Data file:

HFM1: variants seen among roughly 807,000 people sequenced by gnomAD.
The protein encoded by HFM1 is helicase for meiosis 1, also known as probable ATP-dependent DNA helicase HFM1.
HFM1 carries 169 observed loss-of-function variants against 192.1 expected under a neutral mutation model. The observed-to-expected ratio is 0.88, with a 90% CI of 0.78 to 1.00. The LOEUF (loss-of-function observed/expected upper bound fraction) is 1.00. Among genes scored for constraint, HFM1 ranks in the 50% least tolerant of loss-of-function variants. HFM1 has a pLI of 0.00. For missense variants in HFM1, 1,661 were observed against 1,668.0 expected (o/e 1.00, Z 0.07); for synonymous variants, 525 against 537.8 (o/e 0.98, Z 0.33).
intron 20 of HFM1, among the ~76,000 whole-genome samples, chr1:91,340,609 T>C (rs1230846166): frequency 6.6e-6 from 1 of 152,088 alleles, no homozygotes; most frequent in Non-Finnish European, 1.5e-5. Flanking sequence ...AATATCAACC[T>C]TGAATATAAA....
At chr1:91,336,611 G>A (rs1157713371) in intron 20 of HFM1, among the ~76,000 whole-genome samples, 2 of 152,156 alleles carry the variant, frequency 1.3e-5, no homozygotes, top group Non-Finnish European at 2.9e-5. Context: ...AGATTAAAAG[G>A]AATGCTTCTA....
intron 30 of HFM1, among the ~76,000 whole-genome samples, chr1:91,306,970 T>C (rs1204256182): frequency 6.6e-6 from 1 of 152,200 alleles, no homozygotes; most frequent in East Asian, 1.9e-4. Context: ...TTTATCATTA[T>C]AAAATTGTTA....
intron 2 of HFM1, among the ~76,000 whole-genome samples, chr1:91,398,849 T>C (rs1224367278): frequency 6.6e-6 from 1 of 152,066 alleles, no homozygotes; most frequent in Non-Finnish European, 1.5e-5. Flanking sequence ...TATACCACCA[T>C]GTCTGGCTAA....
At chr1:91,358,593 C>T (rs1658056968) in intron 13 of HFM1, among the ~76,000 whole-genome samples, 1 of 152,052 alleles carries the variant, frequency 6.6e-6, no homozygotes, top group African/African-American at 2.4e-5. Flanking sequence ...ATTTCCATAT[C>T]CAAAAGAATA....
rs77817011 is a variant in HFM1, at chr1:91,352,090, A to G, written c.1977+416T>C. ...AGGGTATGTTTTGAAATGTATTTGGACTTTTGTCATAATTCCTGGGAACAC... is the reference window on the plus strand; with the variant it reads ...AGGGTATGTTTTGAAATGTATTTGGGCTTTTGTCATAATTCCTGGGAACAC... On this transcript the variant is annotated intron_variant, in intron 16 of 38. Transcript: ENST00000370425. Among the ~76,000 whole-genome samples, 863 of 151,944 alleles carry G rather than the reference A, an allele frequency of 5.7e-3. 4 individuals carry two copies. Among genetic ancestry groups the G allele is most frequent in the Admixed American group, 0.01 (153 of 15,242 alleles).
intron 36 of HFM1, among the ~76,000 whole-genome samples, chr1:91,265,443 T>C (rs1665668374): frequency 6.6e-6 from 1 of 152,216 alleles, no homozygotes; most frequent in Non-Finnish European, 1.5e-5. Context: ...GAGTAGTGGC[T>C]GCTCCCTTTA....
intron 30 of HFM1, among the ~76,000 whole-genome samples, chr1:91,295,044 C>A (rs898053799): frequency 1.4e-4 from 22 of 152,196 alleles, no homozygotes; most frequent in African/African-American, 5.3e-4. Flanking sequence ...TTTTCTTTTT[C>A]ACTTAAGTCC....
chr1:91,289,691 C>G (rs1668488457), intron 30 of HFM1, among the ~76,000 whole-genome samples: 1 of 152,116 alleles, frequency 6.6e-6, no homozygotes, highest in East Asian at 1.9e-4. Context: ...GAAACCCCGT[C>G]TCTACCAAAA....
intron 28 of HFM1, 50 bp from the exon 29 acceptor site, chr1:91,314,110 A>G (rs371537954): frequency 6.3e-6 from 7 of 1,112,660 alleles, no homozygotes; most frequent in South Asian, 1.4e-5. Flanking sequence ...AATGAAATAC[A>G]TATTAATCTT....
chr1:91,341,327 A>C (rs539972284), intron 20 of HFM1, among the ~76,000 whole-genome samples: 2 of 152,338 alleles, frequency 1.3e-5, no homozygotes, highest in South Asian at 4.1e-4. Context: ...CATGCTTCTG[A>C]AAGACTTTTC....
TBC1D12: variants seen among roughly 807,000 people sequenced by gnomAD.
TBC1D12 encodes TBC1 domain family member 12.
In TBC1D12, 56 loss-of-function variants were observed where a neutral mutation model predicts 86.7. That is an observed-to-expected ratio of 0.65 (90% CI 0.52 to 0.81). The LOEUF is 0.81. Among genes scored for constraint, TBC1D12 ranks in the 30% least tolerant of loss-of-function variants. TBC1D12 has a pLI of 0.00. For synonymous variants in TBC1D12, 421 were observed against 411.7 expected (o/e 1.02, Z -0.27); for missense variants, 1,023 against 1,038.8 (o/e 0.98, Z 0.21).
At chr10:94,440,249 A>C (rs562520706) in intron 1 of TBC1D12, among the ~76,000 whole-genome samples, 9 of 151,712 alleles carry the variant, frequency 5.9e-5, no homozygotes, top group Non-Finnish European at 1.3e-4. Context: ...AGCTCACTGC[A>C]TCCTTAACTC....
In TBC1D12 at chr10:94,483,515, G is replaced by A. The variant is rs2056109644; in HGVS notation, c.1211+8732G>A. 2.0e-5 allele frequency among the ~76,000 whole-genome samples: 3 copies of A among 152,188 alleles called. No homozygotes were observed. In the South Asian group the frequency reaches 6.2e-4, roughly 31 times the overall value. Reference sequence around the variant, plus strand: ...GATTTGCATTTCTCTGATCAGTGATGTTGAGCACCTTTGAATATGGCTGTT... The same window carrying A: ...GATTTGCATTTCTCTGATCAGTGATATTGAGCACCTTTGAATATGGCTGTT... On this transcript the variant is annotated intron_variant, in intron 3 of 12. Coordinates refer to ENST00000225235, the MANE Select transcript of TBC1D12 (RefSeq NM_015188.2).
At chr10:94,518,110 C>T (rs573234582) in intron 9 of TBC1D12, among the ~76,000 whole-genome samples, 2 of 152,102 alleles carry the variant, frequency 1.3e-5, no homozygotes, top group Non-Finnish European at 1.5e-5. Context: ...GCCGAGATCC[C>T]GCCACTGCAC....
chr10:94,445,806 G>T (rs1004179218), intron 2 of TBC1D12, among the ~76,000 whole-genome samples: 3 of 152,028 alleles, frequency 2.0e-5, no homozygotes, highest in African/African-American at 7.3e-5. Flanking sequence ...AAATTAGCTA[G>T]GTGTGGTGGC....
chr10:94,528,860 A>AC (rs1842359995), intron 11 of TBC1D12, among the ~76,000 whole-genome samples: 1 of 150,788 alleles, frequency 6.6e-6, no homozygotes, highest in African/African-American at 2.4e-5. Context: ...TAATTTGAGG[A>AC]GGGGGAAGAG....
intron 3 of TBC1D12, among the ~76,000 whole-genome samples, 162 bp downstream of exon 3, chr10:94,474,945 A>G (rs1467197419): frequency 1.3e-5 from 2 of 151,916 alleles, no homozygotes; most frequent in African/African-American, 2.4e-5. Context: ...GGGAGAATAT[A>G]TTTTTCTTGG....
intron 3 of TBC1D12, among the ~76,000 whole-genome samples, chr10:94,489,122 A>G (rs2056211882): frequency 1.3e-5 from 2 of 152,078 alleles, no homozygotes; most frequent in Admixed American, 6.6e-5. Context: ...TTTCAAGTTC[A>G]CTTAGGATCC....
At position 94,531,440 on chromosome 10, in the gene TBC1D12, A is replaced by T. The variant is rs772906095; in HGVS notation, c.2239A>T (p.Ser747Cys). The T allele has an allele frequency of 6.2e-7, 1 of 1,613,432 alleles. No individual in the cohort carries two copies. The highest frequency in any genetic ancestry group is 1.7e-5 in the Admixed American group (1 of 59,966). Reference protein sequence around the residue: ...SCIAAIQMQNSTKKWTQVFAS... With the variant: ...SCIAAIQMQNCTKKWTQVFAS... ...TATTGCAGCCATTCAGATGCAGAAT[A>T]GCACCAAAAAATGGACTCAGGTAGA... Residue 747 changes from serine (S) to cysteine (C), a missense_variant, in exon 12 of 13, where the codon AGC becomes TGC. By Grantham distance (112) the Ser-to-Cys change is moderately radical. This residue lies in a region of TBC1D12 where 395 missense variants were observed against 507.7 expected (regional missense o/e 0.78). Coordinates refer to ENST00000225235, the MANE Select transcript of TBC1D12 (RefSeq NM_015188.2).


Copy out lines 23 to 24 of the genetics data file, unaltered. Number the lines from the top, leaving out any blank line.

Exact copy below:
intron 3 of TBC1D12, among the ~76,000 whole-genome samples, 162 bp downstream of exon 3, chr10:94,474,945 A>G (rs1467197419): frequency 1.3e-5 from 2 of 151,916 alleles, no homozygotes; most frequent in African/African-American, 2.4e-5. Context: ...GGGAGAATAT[A>G]TTTTTCTTGG....
intron 3 of TBC1D12, among the ~76,000 whole-genome samples, chr10:94,489,122 A>G (rs2056211882): frequency 1.3e-5 from 2 of 152,078 alleles, no homozygotes; most frequent in Admixed American, 6.6e-5. Context: ...TTTCAAGTTC[A>G]CTTAGGATCC....